Superannuation and retirement explained
As you are nearing retirement it is important you understand all you can about the transition from paid employment to retirement. Ensure you plan well before leaving work. Seek financial advice from a trained professional to help assess your superannuation and investments. They will be able to give you further instructions on how to improve your financial position. It is also important that you continue to have regular financial health check-ups after retirement so you can be sure your money will last.
So what is superannuation?
Superannuation is an investment that provides money for retirement. Employers must currently pay the equivalent of a minimum of nine percent of your base income into your nominated superannuation fund. Superannuation funds invest your money with the objective of providing a positive return on it. However, depending on your investment strategy your returns will vary from year to year. These savings should have grown significantly over your working life and are expected to provide you with the income necessary to fund your retirement. You can also make personal contributions to boost your superannuation and you may be eligible for the Government Co-contribution scheme.
Superannuation may not be covered by your Will so ensure you have nominated the beneficiaries who will receive the money in your superannuation in the event of your death.
How do you access your superannuation?
A superannuation fund has restrictions on when the funds can be accessed. Superannuation funds can be made up of three different types of funds.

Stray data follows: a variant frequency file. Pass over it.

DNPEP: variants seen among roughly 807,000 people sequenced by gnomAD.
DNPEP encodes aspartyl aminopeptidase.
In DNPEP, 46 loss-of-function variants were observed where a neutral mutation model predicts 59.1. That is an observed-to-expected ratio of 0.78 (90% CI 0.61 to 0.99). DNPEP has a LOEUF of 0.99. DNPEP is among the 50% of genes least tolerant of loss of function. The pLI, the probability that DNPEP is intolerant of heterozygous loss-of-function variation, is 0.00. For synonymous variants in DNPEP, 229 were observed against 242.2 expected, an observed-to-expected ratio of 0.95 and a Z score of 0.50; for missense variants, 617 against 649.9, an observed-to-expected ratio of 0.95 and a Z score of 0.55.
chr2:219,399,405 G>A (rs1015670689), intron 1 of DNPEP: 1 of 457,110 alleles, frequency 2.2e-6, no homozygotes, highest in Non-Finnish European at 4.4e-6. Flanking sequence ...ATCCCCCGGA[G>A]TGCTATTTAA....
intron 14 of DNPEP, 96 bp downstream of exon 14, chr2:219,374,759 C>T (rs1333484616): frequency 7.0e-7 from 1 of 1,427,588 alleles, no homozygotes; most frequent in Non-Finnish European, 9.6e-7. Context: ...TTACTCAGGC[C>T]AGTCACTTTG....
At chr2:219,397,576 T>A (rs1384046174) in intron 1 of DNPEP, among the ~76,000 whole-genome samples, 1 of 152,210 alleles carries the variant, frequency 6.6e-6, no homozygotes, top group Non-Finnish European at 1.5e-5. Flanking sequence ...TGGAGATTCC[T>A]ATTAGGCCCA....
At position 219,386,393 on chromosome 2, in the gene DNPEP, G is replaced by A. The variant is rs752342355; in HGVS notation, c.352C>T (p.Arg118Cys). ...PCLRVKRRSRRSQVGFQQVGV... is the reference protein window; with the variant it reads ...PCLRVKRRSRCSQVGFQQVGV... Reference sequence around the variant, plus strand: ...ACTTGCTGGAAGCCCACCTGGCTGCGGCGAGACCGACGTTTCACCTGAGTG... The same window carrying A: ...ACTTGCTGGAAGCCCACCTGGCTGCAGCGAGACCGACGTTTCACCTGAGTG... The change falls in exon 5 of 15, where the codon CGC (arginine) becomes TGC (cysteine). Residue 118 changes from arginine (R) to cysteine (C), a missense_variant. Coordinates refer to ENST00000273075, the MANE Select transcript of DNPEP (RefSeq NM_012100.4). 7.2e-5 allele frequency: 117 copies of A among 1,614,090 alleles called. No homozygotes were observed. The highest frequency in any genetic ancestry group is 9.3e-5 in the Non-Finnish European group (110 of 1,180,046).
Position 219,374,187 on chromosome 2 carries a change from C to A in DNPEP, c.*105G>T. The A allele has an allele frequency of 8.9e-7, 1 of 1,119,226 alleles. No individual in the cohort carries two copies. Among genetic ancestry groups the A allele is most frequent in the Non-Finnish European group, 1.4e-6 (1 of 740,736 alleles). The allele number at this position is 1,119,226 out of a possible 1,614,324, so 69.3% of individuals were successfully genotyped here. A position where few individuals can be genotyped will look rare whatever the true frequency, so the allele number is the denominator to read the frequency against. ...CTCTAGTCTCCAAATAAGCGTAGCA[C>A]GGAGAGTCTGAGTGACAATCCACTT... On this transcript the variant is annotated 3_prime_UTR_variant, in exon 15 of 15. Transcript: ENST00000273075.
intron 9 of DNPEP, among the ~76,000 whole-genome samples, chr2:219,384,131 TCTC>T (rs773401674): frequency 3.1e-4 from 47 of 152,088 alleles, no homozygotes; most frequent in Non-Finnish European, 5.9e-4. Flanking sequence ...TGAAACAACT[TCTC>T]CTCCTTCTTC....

2. restricted non-preserved
3. unrestricted non-preserved
To be access preserved funds you must satisfy one of the following conditions:
- permanently retired after reaching your preservation age (55 if born before June 1960)
- stopped gainful employment after turning age 60
- reached age 65
- left Australia permanently after having been a temporary resident on a specified class of visa;
- meet special circumstances such as permanent incapacity, compassionate grounds, severe financial hardship; or
It is a similar situation with restricted non-preserved funds, although they can be paid to you on leaving an employer.
Unrestricted non-preserved funds can be accessed any time. If you access part of your benefit before age 60, the payment will include both tax-free and taxable components.
Are you making the most of your superannuation?
It is generally in your best interests to make extra contributions to your superannuation when you can afford it, as you will generally be able to live a more comfortable retirement later in life.
Investigate whether you are eligible for Co-contribution, which the Australian Taxation Office calculates and pays, based on your tax return and information received from your superannuation fund.
‘Salary sacrificing’ is useful for high income earners if their employer will allow them to top up super before paying personal tax. If a person has an income of $100,000 and decides to contribute $10,000 of this to their superannuation, the $10,000 is taxed at a lower rate then their standard income tax rate.
A financial planner can give you up-to-date advice and figures on the best ways to save and plan for your retirement. It is also important to have regular financial health checks to ensure you are on the right path on your way to, and during retirement.
^Michael – Practice Development Manager